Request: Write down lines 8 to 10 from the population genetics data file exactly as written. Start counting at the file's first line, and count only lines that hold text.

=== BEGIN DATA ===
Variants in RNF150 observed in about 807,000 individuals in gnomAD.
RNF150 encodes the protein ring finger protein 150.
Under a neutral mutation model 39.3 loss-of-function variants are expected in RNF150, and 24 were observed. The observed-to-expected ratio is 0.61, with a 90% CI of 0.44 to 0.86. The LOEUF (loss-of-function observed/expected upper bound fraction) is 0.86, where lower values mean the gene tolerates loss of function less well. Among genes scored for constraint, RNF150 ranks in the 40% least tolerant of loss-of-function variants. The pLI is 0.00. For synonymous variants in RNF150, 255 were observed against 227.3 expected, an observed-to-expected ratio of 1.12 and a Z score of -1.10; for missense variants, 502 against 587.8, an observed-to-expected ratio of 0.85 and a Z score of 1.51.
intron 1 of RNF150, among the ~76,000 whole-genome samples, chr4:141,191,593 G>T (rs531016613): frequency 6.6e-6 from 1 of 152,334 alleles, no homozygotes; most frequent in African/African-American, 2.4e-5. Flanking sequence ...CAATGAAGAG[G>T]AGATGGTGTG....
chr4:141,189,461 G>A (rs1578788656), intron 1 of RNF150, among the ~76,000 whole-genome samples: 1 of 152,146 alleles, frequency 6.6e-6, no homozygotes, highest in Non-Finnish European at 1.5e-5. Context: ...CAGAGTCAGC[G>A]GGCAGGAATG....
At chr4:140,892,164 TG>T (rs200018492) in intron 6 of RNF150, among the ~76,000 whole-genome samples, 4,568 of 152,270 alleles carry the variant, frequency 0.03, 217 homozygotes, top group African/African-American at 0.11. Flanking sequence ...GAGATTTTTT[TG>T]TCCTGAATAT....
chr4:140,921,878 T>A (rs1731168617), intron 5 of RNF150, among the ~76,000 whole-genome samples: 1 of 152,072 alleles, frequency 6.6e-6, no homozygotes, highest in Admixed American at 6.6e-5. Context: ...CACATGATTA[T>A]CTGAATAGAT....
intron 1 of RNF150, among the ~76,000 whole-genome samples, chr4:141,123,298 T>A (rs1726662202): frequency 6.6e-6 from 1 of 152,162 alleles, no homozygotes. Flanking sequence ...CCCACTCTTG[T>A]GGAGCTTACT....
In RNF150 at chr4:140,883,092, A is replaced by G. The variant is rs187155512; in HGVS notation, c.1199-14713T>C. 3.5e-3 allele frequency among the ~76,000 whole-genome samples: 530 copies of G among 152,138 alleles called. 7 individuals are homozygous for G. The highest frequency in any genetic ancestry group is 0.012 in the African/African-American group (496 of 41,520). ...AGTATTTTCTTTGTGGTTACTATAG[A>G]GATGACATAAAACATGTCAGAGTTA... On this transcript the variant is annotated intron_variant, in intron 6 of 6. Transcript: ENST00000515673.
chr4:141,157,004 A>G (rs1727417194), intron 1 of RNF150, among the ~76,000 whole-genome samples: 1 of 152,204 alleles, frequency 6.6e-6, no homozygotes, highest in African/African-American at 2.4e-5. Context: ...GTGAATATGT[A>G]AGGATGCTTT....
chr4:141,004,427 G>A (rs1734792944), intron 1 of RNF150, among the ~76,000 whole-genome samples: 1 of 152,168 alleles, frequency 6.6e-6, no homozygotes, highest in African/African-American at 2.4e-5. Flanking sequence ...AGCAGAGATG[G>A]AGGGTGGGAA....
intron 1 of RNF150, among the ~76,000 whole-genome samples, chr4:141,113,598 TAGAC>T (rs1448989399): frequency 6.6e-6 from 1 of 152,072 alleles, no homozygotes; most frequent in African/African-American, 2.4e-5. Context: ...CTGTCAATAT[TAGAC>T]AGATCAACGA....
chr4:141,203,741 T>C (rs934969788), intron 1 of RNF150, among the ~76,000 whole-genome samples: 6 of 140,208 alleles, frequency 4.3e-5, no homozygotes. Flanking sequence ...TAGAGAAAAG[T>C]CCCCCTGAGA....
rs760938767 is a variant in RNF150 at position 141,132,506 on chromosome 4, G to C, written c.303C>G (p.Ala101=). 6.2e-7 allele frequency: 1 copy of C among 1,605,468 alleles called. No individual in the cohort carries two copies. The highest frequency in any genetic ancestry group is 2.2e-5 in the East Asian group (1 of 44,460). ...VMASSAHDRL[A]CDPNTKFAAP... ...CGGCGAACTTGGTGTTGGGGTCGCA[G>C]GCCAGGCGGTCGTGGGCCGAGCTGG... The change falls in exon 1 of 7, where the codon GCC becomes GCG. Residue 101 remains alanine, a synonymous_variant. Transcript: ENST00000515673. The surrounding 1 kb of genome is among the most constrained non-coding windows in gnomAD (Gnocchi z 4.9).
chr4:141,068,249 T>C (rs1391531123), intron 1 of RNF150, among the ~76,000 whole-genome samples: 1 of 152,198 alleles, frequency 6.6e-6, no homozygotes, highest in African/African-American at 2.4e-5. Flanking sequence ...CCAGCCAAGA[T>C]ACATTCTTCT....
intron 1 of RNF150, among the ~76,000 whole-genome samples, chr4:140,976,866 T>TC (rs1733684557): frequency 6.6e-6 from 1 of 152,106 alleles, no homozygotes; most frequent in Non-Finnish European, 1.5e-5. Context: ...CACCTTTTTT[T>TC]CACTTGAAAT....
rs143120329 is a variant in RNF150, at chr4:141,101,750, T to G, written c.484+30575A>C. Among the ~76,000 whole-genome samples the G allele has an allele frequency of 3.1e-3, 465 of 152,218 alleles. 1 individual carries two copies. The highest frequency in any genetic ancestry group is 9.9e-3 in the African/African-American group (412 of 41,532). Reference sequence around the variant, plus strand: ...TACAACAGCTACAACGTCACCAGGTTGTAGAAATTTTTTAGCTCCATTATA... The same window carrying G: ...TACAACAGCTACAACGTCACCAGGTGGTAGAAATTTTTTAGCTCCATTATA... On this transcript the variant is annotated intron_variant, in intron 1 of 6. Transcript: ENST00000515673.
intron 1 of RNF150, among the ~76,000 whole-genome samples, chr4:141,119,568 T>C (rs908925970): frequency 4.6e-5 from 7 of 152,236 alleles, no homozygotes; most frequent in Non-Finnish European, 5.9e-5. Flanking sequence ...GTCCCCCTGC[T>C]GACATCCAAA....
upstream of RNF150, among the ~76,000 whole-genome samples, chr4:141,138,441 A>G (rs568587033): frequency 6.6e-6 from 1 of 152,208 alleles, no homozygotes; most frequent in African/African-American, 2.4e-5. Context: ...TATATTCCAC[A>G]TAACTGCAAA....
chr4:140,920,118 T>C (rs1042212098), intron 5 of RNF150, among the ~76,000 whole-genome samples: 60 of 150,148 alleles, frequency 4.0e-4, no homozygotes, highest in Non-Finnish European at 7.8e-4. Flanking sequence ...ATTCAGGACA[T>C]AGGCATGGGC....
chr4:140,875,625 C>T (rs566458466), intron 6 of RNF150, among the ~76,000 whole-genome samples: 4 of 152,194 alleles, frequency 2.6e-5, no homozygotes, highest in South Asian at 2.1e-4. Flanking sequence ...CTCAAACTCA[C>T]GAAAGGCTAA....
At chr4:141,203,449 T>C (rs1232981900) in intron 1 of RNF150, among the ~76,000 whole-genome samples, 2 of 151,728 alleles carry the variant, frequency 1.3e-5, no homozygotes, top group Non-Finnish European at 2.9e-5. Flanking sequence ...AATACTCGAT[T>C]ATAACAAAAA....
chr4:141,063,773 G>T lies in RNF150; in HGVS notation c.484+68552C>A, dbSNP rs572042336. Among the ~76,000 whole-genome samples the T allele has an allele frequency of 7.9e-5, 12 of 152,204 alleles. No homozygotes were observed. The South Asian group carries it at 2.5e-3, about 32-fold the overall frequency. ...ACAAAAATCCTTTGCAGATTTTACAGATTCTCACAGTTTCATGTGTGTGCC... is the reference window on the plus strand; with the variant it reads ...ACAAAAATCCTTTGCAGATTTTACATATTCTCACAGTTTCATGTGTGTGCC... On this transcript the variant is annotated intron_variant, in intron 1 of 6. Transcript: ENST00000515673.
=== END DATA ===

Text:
intron 1 of RNF150, among the ~76,000 whole-genome samples, chr4:141,123,298 T>A (rs1726662202): frequency 6.6e-6 from 1 of 152,162 alleles, no homozygotes. Flanking sequence ...CCCACTCTTG[T>A]GGAGCTTACT....
In RNF150 at chr4:140,883,092, A is replaced by G. The variant is rs187155512; in HGVS notation, c.1199-14713T>C. 3.5e-3 allele frequency among the ~76,000 whole-genome samples: 530 copies of G among 152,138 alleles called. 7 individuals are homozygous for G. The highest frequency in any genetic ancestry group is 0.012 in the African/African-American group (496 of 41,520). ...AGTATTTTCTTTGTGGTTACTATAG[A>G]GATGACATAAAACATGTCAGAGTTA... On this transcript the variant is annotated intron_variant, in intron 6 of 6. Transcript: ENST00000515673.
chr4:141,157,004 A>G (rs1727417194), intron 1 of RNF150, among the ~76,000 whole-genome samples: 1 of 152,204 alleles, frequency 6.6e-6, no homozygotes, highest in African/African-American at 2.4e-5. Context: ...GTGAATATGT[A>G]AGGATGCTTT....